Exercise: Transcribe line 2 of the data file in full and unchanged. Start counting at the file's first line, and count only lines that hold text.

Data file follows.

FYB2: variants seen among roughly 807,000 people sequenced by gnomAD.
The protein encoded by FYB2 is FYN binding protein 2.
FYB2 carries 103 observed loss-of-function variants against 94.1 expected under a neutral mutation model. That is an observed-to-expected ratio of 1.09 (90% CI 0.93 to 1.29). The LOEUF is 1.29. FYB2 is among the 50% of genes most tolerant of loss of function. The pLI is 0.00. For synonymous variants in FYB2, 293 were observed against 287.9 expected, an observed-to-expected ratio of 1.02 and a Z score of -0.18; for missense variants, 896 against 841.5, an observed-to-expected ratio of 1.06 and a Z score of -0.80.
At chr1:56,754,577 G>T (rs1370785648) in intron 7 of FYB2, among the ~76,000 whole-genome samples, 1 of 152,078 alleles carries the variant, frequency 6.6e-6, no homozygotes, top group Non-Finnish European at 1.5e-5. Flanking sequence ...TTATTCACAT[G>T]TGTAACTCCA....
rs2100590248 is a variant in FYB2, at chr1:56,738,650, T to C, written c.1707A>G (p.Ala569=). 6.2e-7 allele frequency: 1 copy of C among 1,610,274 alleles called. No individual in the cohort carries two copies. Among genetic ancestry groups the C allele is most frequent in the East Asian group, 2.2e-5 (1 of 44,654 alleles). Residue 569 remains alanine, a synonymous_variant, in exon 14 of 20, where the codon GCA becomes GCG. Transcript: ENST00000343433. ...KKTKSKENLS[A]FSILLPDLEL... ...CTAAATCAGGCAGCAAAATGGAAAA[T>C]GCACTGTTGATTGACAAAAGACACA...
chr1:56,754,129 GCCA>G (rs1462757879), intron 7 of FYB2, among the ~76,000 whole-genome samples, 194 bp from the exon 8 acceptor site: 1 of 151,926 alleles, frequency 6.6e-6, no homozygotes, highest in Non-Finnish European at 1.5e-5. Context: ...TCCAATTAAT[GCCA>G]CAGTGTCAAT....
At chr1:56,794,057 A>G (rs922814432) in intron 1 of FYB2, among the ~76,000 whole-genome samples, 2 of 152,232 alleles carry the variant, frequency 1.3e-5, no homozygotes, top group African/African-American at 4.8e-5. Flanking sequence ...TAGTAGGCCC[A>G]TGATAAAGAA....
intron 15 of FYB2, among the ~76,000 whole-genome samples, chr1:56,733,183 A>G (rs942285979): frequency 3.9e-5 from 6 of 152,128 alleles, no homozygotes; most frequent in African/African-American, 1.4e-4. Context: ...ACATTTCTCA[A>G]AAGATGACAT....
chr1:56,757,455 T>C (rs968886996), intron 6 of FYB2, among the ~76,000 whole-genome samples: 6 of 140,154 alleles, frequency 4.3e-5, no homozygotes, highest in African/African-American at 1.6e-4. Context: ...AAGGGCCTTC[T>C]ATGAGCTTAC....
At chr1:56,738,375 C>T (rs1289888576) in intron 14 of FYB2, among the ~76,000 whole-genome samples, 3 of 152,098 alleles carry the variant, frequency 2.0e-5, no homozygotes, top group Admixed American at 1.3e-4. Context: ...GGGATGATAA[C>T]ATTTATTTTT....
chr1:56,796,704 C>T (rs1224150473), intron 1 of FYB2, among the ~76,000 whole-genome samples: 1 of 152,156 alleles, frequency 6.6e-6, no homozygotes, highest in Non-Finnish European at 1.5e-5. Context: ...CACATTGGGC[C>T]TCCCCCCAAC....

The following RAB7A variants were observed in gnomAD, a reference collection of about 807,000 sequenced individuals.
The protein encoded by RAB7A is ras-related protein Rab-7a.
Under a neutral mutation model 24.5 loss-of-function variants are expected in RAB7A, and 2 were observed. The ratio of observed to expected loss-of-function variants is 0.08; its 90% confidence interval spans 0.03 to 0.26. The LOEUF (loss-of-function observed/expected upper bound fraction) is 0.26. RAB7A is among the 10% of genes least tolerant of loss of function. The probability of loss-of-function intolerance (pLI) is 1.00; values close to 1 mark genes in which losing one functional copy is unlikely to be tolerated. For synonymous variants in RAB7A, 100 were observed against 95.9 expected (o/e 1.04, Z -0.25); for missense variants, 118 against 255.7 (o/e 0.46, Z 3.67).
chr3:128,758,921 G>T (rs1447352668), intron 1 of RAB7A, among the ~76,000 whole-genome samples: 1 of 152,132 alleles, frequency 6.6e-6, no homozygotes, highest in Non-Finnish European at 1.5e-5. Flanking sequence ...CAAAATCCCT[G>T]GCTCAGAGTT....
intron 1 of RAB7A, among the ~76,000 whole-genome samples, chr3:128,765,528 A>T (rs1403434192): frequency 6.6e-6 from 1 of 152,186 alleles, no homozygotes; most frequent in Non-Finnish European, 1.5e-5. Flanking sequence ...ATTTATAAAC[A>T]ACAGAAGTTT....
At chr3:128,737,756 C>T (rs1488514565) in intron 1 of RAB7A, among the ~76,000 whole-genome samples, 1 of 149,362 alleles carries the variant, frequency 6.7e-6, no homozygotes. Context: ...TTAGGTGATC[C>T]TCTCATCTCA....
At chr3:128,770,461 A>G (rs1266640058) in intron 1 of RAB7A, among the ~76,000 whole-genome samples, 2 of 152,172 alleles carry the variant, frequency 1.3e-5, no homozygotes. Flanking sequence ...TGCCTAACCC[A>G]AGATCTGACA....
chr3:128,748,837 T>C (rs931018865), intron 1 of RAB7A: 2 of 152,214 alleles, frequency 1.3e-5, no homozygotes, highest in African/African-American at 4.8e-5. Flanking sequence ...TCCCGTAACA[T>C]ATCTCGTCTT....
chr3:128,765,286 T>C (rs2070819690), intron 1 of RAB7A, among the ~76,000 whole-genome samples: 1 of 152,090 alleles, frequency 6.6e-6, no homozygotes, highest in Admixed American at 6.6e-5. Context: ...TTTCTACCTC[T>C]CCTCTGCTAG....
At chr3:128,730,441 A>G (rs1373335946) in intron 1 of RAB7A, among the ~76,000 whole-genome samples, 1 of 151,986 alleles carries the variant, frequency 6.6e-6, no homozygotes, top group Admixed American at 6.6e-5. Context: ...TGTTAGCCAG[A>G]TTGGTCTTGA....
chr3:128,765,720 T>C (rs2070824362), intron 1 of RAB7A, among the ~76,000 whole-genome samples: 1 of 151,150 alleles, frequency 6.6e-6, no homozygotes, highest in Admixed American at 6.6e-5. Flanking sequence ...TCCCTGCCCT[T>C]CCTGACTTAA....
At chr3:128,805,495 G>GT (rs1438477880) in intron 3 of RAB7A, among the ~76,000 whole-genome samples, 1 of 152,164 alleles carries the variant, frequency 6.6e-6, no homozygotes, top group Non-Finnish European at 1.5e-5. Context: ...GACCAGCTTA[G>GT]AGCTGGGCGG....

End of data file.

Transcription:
The protein encoded by FYB2 is FYN binding protein 2.